Wagner to challenge Wolf

Wagner to challenge Wolf

State Senator Scott Wagner won the Republican nomination for governor and will challenge Democratic incumbent Gov. Tom Wolf this fall.

Wagner bested opponents Paul Mango and Laura Ellsworth.

After building a fortune as a waste-hauling and trucking mogul, Wagner became the first write-in candidate to win a state Senate seat in 2014.

Republican Congressman Lou Barletta faces Democratic incumbent U.S. Senator Bob Casey in November.

"In the weeks and months to come, this campaign will move full speed ahead to spread Scott's blue collar, pro-paycheck message all across Pennsylvania, and we are confident we will defeat Tom Wolf in November", said Jason High, Wagner's campaign manager.

As early returns trickled in, he said he was confident that Wagner would prevail.

Registered Democrats account for 48% of the state's 8.5 million voters, and Republicans make up 38%, according to the Pennsylvania Department of State. In fact, some even called Wagner "the Pa. Donald Trump".

They finally got a political leader in Donald Trump who has pushed back against that false narrative a a man who unabashedly took on and defeated candidates who played the "woman card" from Carly Fiorina to Hillary Clinton.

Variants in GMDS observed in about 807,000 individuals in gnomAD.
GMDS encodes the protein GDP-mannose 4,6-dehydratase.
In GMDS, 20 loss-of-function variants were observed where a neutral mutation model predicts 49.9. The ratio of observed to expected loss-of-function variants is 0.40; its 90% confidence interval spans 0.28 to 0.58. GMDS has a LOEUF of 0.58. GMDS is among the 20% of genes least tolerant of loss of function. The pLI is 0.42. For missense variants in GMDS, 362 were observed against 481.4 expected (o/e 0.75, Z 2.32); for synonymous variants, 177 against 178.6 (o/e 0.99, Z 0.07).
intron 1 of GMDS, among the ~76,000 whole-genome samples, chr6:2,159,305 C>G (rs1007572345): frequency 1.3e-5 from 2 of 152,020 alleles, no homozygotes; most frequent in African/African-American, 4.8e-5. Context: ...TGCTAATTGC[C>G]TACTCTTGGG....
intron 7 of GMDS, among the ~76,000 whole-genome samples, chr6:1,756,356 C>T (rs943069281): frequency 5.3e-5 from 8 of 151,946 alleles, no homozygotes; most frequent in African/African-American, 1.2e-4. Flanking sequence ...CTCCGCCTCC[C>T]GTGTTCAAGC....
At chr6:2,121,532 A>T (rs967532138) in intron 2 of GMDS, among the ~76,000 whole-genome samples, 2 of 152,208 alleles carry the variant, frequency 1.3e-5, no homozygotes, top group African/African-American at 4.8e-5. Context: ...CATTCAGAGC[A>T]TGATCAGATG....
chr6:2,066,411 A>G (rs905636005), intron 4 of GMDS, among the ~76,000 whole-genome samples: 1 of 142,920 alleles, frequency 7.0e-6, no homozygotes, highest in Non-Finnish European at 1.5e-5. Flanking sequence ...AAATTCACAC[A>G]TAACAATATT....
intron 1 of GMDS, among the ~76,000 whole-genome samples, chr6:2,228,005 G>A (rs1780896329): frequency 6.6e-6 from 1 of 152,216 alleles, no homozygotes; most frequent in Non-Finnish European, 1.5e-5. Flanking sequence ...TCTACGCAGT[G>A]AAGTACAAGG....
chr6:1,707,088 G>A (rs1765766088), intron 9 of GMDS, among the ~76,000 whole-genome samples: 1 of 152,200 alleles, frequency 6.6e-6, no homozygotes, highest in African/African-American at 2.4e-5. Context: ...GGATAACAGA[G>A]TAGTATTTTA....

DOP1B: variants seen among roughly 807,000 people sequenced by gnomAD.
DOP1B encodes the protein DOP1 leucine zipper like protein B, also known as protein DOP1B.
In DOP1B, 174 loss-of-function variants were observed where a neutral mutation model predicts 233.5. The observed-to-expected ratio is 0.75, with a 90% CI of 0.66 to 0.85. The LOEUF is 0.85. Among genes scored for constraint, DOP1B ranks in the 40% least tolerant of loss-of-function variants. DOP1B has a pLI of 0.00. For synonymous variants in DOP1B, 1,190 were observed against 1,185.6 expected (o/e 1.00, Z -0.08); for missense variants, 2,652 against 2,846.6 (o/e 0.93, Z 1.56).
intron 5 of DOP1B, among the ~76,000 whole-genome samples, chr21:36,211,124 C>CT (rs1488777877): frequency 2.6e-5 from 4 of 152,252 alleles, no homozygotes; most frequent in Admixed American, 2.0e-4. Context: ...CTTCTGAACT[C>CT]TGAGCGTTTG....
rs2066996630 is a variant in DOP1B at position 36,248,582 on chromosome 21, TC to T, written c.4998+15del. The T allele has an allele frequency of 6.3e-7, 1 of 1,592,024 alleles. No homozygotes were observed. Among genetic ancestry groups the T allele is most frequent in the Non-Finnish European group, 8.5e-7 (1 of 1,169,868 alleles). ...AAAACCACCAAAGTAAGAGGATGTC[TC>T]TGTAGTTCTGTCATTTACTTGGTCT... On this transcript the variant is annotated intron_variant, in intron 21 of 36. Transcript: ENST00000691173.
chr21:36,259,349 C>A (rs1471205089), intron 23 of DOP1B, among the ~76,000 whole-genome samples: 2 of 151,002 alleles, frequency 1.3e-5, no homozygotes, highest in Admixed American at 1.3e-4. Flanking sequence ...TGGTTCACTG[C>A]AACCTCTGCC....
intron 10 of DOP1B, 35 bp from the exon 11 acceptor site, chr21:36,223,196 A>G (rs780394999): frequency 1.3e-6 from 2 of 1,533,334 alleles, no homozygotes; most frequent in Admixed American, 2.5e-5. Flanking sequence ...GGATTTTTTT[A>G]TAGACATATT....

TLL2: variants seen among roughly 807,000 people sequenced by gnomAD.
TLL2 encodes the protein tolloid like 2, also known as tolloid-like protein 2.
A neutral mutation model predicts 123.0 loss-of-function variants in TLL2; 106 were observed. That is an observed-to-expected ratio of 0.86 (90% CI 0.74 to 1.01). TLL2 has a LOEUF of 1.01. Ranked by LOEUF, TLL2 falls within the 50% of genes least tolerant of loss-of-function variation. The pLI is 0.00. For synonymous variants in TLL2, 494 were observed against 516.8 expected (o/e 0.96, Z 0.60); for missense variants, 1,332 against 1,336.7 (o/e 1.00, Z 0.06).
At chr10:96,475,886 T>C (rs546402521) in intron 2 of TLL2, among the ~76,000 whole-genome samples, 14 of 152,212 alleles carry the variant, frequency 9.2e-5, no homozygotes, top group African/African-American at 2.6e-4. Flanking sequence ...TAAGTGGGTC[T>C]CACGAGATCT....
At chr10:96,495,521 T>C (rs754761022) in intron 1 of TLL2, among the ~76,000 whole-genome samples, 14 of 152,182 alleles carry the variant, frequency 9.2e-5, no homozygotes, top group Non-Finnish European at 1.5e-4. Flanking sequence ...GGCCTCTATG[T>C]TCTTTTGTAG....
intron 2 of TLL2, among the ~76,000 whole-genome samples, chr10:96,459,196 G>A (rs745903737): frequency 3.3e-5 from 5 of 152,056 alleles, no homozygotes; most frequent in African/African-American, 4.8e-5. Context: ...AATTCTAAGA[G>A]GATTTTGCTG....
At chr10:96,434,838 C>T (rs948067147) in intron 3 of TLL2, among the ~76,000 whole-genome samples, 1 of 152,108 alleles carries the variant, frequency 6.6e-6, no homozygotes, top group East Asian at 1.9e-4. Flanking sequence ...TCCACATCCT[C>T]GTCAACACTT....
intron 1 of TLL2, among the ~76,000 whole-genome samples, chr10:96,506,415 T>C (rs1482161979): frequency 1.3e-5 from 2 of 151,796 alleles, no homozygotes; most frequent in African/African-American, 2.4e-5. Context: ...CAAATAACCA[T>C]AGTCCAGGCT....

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Wagner teamed up with Berks County attorney Jeff Bartos in the primary campaign to be his unofficial running mate for lieutenant governor.

Scott Wagner may be the frontrunner in our poll, but he says he's acting like the underdog.

Wagner was the candidate endorsed by the Republican Party.

Political analyst and pollster Dr. Terry Madonna says the bitter ad war between Mango and Wagner may leave the GOP with a battered nominee. Mr. Wagner also supports raising the state minimum wage, and he was a sponsor of an anti-discrimination bill in the areas of housing, employment and public accommodations.

Wolf also will have a big cash advantage: Wolf headed into May with $14 million in his campaign account, while Wagner reported $2.2 million.

After professing to his core values of faith, family and service to others, Mango launched one of the meanest, most vicious attack campaigns in Pennsylvania history.

Mr. Wagner shrugged off the attacks as signs of political desperation. "I'm not wounded at all", he said in a May 4 interview, adding that he thought voters were "seeing through" the negative ads. Wagner said growing up as a "farm boy" helped him develop his work ethic and inspired him to enter politics. "When they see us, they're coming over to us", said Ellsworth. "Undoubtedly it will be reopened in the general election".

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